|by Béla Bartók|
Béla Bartók, 14 Bagatelles (Set III, Op. 6)
|Published||1909 (Rozsnyai Károly, Budapest)|
14 Bagatelles, Sz.38, BB 50; 3rd Set, Op. 6 (Hungarian : 14 Bagatell) is a set of pieces for solo piano by Hungarian composer Béla Bartók, written in the spring of 1908 and first performed by the composer June 29, 1908, in Berlin. The work was published the following year in Budapest by Rozsnyai Károly. Composed the same year as Ten Easy Pieces , 14 Bagatelles was experimental and signified Bartók's departure from the tonality of 19th century composition. The work borders on atonality, and Bartók adopted some techniques of Debussy and Schoenberg.
Bartók along with composer Zoltán Kodály had researched Hungarian folk music in 1905, and Bartók believed that the most interesting folk traditions in music existed in a multicultural environment with an active exchange of ideas between cultures. The first Bagatelle may reflect some of Bartók's view of multicultural folk music, with different key signatures for left and right hands.
During Bartók's study of folk music in Transylvania in 1907, he met and fell in love with Stefi Geyer, a 19 year old violinist who did not return his affection. Author Alex Ross found evidence in the Bagatelles of Bartók's "fenced-off soul opening itself to the chaos of the outer world," and he attributed "rusty shards of folk melody" to Geyer's rejection of Bartók.
The String Quartet No. 1 in A minor by Béla Bartók was completed in 1909. The score is dated January 27 of that year. It is one of six string quartets by Bartok.
Béla Bartók's Violin Concerto No. 1, Sz.. 36, BB 48a was written in the years 1907–1908, but only published in 1956, after the composer's death, as "Violin Concerto No. 1, Op. posth." It was premiered on 30 May 1958 in Basel, Switzerland.
The cello suites by Benjamin Britten are a series of three compositions for solo cello, dedicated to Mstislav Rostropovich. The suites were the first original solo instrumental music that Britten wrote for and dedicated to Rostropovich, but Britten had earlier composed a cadenza for Joseph Haydn's Cello Concerto in C major, for Rostropovich, in 1964. Rostropovich gave the first performances of each work, and recorded Suites Nos 1 and 2 commercially.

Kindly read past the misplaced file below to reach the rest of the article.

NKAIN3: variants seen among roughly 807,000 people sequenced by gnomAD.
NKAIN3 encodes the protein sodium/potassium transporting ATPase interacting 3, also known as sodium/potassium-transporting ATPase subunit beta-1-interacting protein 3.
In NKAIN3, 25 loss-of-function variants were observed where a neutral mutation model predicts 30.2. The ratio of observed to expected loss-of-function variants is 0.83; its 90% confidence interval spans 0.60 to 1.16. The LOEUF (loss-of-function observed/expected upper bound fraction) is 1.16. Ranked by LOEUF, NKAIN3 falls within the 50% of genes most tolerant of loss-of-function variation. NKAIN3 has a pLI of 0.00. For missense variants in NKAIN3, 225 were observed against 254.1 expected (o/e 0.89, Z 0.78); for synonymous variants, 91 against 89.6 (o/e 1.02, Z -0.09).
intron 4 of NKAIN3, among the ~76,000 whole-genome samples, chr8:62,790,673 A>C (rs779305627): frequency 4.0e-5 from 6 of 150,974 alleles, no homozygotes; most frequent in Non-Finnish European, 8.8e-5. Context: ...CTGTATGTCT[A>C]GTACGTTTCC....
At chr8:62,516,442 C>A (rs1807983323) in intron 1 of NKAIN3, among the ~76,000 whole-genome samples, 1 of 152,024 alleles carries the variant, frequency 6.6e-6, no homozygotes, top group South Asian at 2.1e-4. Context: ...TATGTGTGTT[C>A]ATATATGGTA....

Dmitry Kabalevsky's Preludes, Op. 38 are a set of 24 piano pieces in the Chopinian model, each based on a folksong and each in a different key. It was composed in 1943–44, and dedicated to Nikolai Myaskovsky, his teacher. It is one of a number of examples of music written in all 24 major and minor keys.
The Suite, Op. 14, Sz. 62, BB 70 is a piece for solo piano written by Béla Bartók. It was written in February 1916, published in 1918, and debuted by the composer on April 21, 1919, in Budapest. The Suite is one of Bartók's most significant works for piano, only comparable with his 1926 Piano Sonata. Though much of Bartók's work makes frequent use of Eastern European folk music, this suite is one of the few pieces without melodies of folk origin. However, Romanian, Arabic, and North African rhythmic influences can still be found in some movements. Originally intending the suite to be a five-movement work, Bartók later decided against the idea and discarded the second movement, the Andante, which was published only posthumously in the October 1955 issue of Új Zenei Szemle.
Ruralia hungarica is a name given by the Hungarian composer Ernő Dohnányi to four interrelated works.
Eight Improvisations on Hungarian Peasant Songs, Op. 20, Sz. 74, BB 83, also known as Improvisations on Hungarian Peasant Songs or simply as Improvisations, is a composition for solo piano by Hungarian composer Béla Bartók. It was finished in 1920.
Fifteen Hungarian Peasant Songs, Sz. 71, BB 79 is a collection of short folk melodies arranged for piano by Hungarian composer Béla Bartók. It was composed between 1914 and 1918. In 1933, Bartók adapted and orchestrated parts of the piece as Hungarian Peasant Songs, Sz. 100, BB 107, commonly known by its Hungarian name, Magyar parasztdalok.
Rhapsody, Op. 1, Sz. 26, BB 36, is a composition for piano by Hungarian composer Béla Bartók. It was finished in 1904. A year later, he wrote a version for piano and orchestra. The catalogue number of this composition is Op. 1, Sz. 26. The initial full-length composition for piano eventually received a catalogue number BB 36a, whereas the second version, with piano and orchestra, received a catalogue number BB 36b.
The Hungarian composer György Ligeti published three string quartets throughout his life: two string quartets proper and a student piece from 1950 published towards the end of Ligeti's life. The first two string quartets proper represent both his early period, inspired by Béla Bartók, and middle period, which was largely micropolyphonic.
Three Rondos on Slovak Folk Tunes, Sz. 84, BB 92, also referred to as Three Rondos on Folk Tunes, is a collection of three small pieces for piano by Hungarian composer Béla Bartók.
Four Dirges, Op. 9a, Sz. 45, BB 58 is a short collection of dirges by Hungarian composer Béla Bartók.
Ten Easy Pieces, Sz. 39, BB 51 is a collection of short pieces for piano by Hungarian composer Béla Bartók. It was composed in 1908.
Three Hungarian Folksongs, Sz. 66, BB 80b is a collection of folksongs for piano by Hungarian composer Béla Bartók. It was composed between 1914 and 1918.
Three Burlesques, Op. 8c, Sz. 47, BB 55 is a set of burlesques for piano by Hungarian composer Béla Bartók. It was composed between 1908 and 1911.
Nine Little Piano Pieces, Sz. 82, BB 90 is a collection of short pieces for piano by Hungarian composer Béla Bartók. It was completed in 1926.
Twenty Hungarian Folksongs, Sz. 92, BB 98, is the last cycle of folksongs for voice and piano by Hungarian composer Béla Bartók.